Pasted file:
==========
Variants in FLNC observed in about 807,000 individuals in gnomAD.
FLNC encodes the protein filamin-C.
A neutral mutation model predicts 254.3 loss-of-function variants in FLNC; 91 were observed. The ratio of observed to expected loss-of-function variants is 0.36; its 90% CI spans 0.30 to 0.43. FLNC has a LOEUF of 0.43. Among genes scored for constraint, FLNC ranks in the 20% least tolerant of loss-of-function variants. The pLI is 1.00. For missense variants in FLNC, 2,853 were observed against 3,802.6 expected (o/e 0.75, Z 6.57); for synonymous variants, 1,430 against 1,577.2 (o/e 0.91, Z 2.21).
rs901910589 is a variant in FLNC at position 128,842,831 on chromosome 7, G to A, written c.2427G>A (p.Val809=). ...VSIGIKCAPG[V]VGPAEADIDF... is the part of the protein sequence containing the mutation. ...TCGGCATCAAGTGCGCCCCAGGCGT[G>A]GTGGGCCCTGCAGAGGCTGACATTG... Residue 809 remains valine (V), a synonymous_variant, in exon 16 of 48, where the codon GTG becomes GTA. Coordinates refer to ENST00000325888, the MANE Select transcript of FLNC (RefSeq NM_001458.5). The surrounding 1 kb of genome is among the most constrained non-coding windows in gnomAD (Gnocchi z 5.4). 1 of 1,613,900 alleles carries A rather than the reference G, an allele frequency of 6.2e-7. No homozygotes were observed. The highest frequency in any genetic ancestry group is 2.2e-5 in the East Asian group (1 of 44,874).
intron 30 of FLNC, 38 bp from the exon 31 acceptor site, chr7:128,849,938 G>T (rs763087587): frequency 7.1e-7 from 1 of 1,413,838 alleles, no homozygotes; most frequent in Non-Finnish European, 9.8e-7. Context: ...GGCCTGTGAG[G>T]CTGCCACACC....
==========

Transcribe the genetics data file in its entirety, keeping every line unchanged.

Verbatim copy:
Variants in FLNC observed in about 807,000 individuals in gnomAD.
FLNC encodes the protein filamin-C.
A neutral mutation model predicts 254.3 loss-of-function variants in FLNC; 91 were observed. The ratio of observed to expected loss-of-function variants is 0.36; its 90% CI spans 0.30 to 0.43. FLNC has a LOEUF of 0.43. Among genes scored for constraint, FLNC ranks in the 20% least tolerant of loss-of-function variants. The pLI is 1.00. For missense variants in FLNC, 2,853 were observed against 3,802.6 expected (o/e 0.75, Z 6.57); for synonymous variants, 1,430 against 1,577.2 (o/e 0.91, Z 2.21).
rs901910589 is a variant in FLNC at position 128,842,831 on chromosome 7, G to A, written c.2427G>A (p.Val809=). ...VSIGIKCAPG[V]VGPAEADIDF... is the part of the protein sequence containing the mutation. ...TCGGCATCAAGTGCGCCCCAGGCGT[G>A]GTGGGCCCTGCAGAGGCTGACATTG... Residue 809 remains valine (V), a synonymous_variant, in exon 16 of 48, where the codon GTG becomes GTA. Coordinates refer to ENST00000325888, the MANE Select transcript of FLNC (RefSeq NM_001458.5). The surrounding 1 kb of genome is among the most constrained non-coding windows in gnomAD (Gnocchi z 5.4). 1 of 1,613,900 alleles carries A rather than the reference G, an allele frequency of 6.2e-7. No homozygotes were observed. The highest frequency in any genetic ancestry group is 2.2e-5 in the East Asian group (1 of 44,874).
intron 30 of FLNC, 38 bp from the exon 31 acceptor site, chr7:128,849,938 G>T (rs763087587): frequency 7.1e-7 from 1 of 1,413,838 alleles, no homozygotes; most frequent in Non-Finnish European, 9.8e-7. Context: ...GGCCTGTGAG[G>T]CTGCCACACC....